Click to go back to the homepage
Search This Site

Click to Visit our Sister Site LGBT History Month UK
In Association With
Supported By: Click to View Our Supporters

Click for training offered by Schools Out
Click to vist The Classroom
Contact Us: Click for ways to get in contact with us now!
Click Here for the Student Tool Kit

WHAT DO THEY MEAN WHEN THEY TALK ABOUT HETEROSEXISM?

Heterosexism/heteronormativity is the system of beliefs and behaviour based on the assumption that heterosexuality is superior to homosexuality. 

Heteronormativity assumes the default position is white, male, heterosexual, non disabled, middleaged and Christian 

It finds its most basic expression in statements like 'It's not normal' or 'It's not natural' to love or be attracted to someone of the same sex. 

It finds its most extreme manifestations:

  • when gay men are given jail sentences for behaviour which would be entirely acceptable between heterosexuals;
  • when lesbians lose their children because judges decree that their sexuality makes them 'unfit parents';
  • when LGBT people are beaten up, and in many tragic cases which are seldom reported, murdered, simply because they are LGBT people.  

But heterosexism can take many much milder forms, which are nevertheless painful to experience and are often cumulatively damaging.  Here are a few examples, which should be of particular concern to educationists: 

  • when pupils can go through a whole school career without any recognition in the formal curriculum that lesbian and gay relationships are even possible or that trans people exist;
  • when some of these pupils use terms like 'lezzie' and 'bender' ‘gay’ as common insults, and when others have to listen in silence or risk being jeered or worse;
  • when teachers fail to intervene in cases of anti-gay name-calling, or the bullying of pupils known or suspected to be LGBT by their peers; 
  • when teachers themselves indulge in jokes or remarks which belittle, misrepresent or are even downright hostile to, LGBT people, whether in the classroom or the staffroom; and when other teachers listen silently to such remarks, and fail to challenge them; 
  • when teachers who are LGBT feel so unsure about colleagues' likely reactions that they conceal their relationships and social lives completely from their colleagues; or when LGBT teachers who know that colleagues are aware of their sexuality, or gender identity nevertheless feel inhibited from talking naturally about their partners or their lives;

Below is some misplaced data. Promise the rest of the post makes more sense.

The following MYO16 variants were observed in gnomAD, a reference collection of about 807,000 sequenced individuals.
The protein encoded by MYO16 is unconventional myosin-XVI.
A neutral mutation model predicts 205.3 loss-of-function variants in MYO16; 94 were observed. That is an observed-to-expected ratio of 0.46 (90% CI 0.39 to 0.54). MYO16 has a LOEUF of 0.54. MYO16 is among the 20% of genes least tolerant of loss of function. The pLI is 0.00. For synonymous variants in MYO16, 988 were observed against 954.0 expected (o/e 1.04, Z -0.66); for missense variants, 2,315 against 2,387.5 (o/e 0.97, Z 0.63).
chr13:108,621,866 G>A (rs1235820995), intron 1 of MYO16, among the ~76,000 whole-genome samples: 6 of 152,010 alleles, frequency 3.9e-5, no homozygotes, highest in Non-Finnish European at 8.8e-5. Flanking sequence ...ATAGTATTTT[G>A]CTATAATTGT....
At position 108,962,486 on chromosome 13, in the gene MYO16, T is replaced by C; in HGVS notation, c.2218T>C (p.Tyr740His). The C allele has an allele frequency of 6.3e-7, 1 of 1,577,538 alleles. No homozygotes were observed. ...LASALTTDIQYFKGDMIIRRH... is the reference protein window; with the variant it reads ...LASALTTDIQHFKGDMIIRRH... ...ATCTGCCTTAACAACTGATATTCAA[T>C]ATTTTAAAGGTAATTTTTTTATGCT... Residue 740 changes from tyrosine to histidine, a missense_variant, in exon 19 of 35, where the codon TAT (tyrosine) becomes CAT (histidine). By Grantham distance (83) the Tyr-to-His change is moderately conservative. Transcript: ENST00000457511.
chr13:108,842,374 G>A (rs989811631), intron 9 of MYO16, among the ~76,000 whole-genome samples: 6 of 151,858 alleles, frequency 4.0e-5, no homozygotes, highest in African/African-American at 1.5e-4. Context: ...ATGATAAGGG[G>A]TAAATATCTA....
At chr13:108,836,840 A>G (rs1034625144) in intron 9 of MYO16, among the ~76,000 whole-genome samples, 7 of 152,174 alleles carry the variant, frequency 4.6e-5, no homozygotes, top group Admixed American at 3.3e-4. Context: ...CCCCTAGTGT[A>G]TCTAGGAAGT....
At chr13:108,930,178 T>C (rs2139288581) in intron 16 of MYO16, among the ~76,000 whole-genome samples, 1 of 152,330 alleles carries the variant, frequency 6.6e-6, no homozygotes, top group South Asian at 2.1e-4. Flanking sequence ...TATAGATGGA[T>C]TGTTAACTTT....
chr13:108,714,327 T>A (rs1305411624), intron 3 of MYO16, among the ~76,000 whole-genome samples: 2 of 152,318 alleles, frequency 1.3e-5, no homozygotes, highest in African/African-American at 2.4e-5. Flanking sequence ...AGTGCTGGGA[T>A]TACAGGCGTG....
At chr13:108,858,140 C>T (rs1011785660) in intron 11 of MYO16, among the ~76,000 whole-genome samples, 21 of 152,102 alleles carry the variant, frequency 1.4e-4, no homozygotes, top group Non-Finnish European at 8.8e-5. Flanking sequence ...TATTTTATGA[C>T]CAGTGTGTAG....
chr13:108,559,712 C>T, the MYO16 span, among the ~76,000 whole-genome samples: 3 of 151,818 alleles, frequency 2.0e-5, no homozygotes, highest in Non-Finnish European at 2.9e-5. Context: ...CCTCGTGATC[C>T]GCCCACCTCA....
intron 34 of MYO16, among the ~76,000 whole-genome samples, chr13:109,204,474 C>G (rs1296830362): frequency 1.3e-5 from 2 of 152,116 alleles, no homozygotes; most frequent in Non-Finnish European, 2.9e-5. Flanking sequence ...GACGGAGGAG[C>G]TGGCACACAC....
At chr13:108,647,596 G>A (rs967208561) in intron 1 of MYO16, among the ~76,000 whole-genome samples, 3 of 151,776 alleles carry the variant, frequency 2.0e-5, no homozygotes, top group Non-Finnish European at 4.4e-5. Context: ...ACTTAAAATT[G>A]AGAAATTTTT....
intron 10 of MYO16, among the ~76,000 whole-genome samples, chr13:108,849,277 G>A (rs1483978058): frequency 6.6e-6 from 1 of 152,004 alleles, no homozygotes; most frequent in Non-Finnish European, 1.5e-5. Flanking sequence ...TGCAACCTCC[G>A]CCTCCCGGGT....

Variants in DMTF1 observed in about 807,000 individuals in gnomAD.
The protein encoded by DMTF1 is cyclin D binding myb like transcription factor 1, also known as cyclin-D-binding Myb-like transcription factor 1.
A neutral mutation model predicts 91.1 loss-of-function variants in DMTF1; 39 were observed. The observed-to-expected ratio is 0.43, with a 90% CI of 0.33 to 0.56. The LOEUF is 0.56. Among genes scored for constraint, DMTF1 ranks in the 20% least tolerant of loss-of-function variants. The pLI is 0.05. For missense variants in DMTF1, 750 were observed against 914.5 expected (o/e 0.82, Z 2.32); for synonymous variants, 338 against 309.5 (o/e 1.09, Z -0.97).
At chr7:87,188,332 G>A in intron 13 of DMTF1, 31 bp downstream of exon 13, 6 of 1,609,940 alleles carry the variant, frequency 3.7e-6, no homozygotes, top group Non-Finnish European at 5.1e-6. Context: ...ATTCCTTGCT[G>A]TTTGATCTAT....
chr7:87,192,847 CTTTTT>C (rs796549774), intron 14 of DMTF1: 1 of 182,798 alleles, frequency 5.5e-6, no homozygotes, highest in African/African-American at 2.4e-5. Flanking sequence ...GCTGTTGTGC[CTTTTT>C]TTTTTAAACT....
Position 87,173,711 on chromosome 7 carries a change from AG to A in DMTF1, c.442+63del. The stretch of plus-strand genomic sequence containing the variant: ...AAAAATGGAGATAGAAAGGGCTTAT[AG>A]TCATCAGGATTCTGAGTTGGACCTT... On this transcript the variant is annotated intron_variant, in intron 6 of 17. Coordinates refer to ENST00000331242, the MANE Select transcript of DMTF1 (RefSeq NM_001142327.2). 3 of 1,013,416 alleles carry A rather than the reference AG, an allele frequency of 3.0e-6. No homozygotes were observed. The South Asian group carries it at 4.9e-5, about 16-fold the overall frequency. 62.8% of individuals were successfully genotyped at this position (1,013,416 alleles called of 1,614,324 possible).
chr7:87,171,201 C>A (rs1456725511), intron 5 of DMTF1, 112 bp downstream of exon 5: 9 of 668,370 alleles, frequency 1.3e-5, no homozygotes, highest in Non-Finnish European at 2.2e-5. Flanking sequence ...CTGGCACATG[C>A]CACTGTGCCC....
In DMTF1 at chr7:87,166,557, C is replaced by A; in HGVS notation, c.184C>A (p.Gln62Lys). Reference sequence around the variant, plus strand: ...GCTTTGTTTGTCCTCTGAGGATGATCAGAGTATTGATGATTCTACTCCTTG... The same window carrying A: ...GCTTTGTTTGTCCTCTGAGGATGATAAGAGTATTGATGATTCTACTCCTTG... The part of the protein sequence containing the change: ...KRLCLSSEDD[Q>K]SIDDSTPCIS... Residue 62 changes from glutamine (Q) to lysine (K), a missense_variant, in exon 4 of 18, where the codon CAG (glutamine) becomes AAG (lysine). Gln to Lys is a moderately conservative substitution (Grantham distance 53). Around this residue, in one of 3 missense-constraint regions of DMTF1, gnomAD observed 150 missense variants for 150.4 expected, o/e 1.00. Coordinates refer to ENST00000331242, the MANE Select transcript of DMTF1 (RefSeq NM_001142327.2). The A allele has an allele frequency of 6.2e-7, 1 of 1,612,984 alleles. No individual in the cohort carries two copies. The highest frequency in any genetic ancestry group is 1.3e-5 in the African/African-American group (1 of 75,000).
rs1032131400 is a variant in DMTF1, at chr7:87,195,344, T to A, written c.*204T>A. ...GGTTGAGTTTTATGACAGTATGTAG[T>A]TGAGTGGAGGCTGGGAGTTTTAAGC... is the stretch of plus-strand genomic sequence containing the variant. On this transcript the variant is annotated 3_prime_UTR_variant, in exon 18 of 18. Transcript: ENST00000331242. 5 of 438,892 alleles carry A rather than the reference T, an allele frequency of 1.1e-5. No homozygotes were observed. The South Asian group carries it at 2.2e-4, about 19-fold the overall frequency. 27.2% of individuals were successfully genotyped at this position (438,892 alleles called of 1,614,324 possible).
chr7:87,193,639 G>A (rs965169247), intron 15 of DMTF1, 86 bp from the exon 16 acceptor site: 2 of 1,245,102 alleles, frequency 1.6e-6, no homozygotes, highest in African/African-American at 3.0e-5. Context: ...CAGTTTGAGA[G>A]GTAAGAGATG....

• when pupils who have some problem relating to their sexuality  or gender identity- whether personal doubts and confusions, peer group bullying or family disapproval - and who want to talk to an understanding adult receive only a dismissive or embarrassed reaction from teachers; when teachers take pupils on one side and say that they are worried that their behaviour is too effeminate (in the case of boys) or too assertive (in the case of girls), and that if they aren't careful they may grow up to be LGBT
  • when LGBT teachers who are open about their sexuality or gender identity are warned 'in their own interests' to be less visible . . .

There are many more examples of heterosexism/heteronormativity which could be mentioned, both in and outside schools. 

The reality is that all LGBT people have to function in a world which almost everywhere shows itself deeply hostile to their deepest feelings, their most cherished relationships, their most personal aspirations.

This is particularly hard upon young people, who are often confused about their feelings, scared of public exposure and mistreatment, and unsure of where to turn for sympathetic understanding. 

In a society in which selected moral issues are being put insistently on the agenda by senior politicians, it is time that more thought was given to the morality of allowing young people to grow up in ignorance, loneliness and alienation.

It may be the case, perhaps, that you yourself have behaved in the past in ways that you are now coming to recognise as heterosexist/ heternormative whether by omission or commission.

Going off on a guilt trip –is not helpful.  Guilt is an unproductive emotion at best. 

Resolve, instead, that the time has come for change. 

STAND UP STRAIGHT AND BE COUNTED! . . . .

Lesbian and Gay Rights Working Party, City of Leicester Teachers' Association, (NUT).